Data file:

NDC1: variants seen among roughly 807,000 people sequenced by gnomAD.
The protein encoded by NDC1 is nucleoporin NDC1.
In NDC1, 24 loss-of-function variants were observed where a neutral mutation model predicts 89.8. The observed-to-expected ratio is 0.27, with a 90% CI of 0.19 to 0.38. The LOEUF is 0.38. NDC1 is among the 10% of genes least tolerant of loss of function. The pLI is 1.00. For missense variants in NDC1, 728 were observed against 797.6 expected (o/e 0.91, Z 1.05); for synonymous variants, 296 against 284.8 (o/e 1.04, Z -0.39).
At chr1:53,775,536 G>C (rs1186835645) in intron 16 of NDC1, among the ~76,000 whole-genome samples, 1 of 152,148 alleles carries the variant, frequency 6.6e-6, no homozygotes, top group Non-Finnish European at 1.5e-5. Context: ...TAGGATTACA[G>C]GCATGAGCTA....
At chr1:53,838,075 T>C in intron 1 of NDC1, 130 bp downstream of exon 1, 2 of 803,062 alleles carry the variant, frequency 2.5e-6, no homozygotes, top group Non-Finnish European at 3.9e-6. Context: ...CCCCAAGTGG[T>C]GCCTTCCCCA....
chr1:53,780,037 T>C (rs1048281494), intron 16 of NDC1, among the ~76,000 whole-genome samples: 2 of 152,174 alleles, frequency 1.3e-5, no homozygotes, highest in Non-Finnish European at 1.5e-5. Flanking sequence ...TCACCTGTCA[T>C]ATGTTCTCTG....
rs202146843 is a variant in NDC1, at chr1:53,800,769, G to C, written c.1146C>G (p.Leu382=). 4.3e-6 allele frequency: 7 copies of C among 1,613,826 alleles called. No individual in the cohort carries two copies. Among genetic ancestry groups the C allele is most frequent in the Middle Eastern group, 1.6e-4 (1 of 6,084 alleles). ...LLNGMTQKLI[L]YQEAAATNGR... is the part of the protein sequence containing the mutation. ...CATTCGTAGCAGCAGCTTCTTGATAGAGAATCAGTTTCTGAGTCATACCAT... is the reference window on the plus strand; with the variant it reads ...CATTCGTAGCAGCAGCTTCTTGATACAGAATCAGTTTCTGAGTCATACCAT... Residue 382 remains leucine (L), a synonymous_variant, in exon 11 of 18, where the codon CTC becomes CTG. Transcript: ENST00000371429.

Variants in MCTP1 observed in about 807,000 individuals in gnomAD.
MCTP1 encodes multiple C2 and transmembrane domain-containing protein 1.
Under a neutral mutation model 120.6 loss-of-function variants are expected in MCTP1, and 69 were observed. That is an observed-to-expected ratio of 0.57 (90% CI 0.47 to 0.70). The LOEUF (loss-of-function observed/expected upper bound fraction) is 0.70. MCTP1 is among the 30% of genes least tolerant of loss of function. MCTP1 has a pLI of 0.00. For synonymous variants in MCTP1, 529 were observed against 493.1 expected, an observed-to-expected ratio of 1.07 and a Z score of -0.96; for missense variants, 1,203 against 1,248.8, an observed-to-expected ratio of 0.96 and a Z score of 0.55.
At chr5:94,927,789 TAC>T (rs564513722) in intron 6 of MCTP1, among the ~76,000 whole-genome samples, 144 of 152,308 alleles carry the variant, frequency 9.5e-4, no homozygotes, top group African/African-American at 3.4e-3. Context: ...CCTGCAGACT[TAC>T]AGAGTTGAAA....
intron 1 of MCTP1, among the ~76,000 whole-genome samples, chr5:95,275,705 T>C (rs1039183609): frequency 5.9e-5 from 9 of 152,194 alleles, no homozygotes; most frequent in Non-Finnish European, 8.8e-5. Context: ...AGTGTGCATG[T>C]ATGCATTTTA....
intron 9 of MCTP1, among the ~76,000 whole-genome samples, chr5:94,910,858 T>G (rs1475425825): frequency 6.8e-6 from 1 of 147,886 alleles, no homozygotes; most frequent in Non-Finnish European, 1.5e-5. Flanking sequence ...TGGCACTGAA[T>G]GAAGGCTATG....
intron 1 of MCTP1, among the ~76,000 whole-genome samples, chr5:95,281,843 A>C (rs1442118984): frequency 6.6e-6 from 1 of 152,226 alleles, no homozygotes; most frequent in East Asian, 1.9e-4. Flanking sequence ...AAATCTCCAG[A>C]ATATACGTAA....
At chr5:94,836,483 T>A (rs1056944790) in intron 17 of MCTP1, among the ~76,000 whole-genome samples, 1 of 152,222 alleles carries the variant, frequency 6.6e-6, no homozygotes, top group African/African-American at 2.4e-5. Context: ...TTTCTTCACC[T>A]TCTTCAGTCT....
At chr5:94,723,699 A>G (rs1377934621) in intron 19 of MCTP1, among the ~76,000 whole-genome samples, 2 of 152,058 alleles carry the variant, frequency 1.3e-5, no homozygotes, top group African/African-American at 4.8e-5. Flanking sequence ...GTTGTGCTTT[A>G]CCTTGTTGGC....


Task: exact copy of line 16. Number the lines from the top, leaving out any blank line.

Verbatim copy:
At chr5:94,723,699 A>G (rs1377934621) in intron 19 of MCTP1, among the ~76,000 whole-genome samples, 2 of 152,058 alleles carry the variant, frequency 1.3e-5, no homozygotes, top group African/African-American at 4.8e-5. Flanking sequence ...GTTGTGCTTT[A>G]CCTTGTTGGC....